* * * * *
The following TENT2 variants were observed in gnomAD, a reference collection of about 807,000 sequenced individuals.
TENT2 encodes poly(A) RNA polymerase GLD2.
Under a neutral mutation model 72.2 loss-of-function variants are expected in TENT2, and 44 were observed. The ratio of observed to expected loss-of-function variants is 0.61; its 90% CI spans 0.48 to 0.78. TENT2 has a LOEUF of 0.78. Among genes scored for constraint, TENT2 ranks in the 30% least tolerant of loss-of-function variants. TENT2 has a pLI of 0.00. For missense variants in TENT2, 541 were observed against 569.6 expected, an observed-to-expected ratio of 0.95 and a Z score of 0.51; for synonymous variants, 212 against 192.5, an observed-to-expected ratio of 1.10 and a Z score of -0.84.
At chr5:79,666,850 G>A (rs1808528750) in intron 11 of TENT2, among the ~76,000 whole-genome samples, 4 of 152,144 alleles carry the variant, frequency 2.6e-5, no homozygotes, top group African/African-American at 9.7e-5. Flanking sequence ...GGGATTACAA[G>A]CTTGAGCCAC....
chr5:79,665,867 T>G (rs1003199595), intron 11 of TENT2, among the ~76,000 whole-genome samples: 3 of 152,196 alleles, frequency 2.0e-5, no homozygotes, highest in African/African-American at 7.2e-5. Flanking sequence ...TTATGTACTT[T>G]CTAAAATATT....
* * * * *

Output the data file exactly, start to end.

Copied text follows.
The following TENT2 variants were observed in gnomAD, a reference collection of about 807,000 sequenced individuals.
TENT2 encodes poly(A) RNA polymerase GLD2.
Under a neutral mutation model 72.2 loss-of-function variants are expected in TENT2, and 44 were observed. The ratio of observed to expected loss-of-function variants is 0.61; its 90% CI spans 0.48 to 0.78. TENT2 has a LOEUF of 0.78. Among genes scored for constraint, TENT2 ranks in the 30% least tolerant of loss-of-function variants. TENT2 has a pLI of 0.00. For missense variants in TENT2, 541 were observed against 569.6 expected, an observed-to-expected ratio of 0.95 and a Z score of 0.51; for synonymous variants, 212 against 192.5, an observed-to-expected ratio of 1.10 and a Z score of -0.84.
At chr5:79,666,850 G>A (rs1808528750) in intron 11 of TENT2, among the ~76,000 whole-genome samples, 4 of 152,144 alleles carry the variant, frequency 2.6e-5, no homozygotes, top group African/African-American at 9.7e-5. Flanking sequence ...GGGATTACAA[G>A]CTTGAGCCAC....
chr5:79,665,867 T>G (rs1003199595), intron 11 of TENT2, among the ~76,000 whole-genome samples: 3 of 152,196 alleles, frequency 2.0e-5, no homozygotes, highest in African/African-American at 7.2e-5. Flanking sequence ...TTATGTACTT[T>G]CTAAAATATT....